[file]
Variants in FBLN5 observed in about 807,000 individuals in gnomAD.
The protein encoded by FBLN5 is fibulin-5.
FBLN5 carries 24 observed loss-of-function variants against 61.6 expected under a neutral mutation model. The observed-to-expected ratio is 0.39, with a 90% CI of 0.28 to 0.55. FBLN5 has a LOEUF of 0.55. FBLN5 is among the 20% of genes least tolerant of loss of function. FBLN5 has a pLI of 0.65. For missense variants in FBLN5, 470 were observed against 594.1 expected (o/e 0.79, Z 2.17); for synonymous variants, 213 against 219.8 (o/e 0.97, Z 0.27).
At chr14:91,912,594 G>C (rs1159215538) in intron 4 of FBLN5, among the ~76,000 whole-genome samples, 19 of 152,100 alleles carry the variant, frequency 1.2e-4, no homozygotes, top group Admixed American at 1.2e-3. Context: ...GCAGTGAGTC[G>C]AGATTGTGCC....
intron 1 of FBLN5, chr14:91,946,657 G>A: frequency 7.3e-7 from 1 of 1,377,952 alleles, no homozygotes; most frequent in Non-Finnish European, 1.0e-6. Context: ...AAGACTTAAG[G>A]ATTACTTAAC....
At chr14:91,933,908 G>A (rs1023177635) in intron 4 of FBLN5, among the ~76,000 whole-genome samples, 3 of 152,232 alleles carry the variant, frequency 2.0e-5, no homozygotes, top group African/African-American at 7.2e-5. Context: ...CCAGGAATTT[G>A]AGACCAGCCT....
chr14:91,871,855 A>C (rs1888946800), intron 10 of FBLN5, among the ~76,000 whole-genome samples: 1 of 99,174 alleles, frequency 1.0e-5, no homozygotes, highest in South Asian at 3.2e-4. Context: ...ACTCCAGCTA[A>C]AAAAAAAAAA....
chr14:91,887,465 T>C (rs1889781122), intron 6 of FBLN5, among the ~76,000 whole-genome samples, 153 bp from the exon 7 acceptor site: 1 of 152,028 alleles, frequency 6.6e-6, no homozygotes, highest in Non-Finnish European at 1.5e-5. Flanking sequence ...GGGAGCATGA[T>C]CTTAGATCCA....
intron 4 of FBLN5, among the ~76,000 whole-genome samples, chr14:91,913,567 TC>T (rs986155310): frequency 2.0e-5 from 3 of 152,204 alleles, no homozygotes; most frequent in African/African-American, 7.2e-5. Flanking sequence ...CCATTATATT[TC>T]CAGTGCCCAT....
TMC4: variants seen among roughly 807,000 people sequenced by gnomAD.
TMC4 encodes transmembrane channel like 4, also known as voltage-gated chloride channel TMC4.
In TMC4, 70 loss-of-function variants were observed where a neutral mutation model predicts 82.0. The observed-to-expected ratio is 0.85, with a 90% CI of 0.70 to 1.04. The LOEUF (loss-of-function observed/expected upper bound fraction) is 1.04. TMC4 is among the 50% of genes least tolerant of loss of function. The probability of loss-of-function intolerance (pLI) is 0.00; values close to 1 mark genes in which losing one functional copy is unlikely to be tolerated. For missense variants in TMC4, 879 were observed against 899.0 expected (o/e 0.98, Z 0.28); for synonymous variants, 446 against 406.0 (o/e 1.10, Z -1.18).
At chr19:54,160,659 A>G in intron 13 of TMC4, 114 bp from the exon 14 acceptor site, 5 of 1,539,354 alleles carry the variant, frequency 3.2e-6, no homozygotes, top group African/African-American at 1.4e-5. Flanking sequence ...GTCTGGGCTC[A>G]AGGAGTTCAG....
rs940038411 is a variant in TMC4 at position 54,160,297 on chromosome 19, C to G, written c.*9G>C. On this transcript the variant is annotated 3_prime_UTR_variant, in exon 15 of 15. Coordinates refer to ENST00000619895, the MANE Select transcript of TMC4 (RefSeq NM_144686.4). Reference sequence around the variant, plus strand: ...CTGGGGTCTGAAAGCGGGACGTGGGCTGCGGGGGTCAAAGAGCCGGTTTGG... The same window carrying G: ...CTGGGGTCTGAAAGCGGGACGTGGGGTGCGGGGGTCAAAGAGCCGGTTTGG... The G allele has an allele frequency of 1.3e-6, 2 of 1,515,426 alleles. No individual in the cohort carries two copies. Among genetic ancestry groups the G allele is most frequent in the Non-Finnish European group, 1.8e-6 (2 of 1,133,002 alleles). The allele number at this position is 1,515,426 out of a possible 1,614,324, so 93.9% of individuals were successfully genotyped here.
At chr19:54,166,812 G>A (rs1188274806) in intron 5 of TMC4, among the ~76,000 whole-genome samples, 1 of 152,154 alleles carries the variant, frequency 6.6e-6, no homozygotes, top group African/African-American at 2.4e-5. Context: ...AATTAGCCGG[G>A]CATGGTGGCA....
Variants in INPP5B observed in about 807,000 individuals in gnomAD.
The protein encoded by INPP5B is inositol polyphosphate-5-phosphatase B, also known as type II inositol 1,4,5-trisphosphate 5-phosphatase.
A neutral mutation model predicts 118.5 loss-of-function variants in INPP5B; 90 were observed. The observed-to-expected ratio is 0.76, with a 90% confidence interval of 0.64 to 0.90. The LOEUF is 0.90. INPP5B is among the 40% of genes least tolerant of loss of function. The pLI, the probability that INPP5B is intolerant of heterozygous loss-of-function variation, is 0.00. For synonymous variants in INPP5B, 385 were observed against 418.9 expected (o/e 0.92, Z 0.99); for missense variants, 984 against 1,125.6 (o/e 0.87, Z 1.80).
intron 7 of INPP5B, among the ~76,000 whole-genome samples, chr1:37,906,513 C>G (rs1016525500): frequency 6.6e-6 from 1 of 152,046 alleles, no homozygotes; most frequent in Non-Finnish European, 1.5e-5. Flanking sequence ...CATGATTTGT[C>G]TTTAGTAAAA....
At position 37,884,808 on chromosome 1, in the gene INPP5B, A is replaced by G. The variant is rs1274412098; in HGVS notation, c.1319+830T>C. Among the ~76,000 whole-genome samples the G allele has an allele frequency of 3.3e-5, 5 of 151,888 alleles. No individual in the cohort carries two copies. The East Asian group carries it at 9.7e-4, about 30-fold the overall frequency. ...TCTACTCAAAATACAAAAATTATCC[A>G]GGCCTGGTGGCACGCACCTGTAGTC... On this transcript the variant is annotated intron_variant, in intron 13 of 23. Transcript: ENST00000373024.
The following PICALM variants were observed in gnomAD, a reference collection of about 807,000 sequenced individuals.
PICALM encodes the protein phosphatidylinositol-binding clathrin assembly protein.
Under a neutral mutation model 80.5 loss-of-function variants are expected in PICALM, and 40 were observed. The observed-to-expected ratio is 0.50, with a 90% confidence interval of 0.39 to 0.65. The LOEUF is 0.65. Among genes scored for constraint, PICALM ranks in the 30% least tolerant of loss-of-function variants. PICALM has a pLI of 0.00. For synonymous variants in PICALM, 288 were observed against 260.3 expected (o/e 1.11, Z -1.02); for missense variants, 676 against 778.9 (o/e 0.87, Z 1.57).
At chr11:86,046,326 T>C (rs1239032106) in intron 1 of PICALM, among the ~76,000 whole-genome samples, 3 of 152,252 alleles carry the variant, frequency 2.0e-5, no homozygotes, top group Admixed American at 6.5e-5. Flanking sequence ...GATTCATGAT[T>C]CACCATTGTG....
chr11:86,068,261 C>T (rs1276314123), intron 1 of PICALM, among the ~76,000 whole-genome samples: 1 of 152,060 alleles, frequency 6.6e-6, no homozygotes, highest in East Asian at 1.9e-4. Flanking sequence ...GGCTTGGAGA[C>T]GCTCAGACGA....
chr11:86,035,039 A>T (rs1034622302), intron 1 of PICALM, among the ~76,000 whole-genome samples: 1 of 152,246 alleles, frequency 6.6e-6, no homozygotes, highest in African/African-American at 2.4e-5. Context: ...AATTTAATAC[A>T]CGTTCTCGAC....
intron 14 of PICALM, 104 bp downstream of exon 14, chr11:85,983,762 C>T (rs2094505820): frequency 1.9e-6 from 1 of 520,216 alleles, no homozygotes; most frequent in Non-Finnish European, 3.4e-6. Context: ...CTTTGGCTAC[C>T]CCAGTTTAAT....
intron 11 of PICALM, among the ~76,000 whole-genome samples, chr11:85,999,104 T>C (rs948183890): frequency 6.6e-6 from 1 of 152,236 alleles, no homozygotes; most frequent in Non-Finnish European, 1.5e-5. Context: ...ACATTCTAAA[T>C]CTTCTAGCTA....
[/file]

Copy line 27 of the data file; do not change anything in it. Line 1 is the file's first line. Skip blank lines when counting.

intron 14 of PICALM, 104 bp downstream of exon 14, chr11:85,983,762 C>T (rs2094505820): frequency 1.9e-6 from 1 of 520,216 alleles, no homozygotes; most frequent in Non-Finnish European, 3.4e-6. Context: ...CTTTGGCTAC[C>T]CCAGTTTAAT....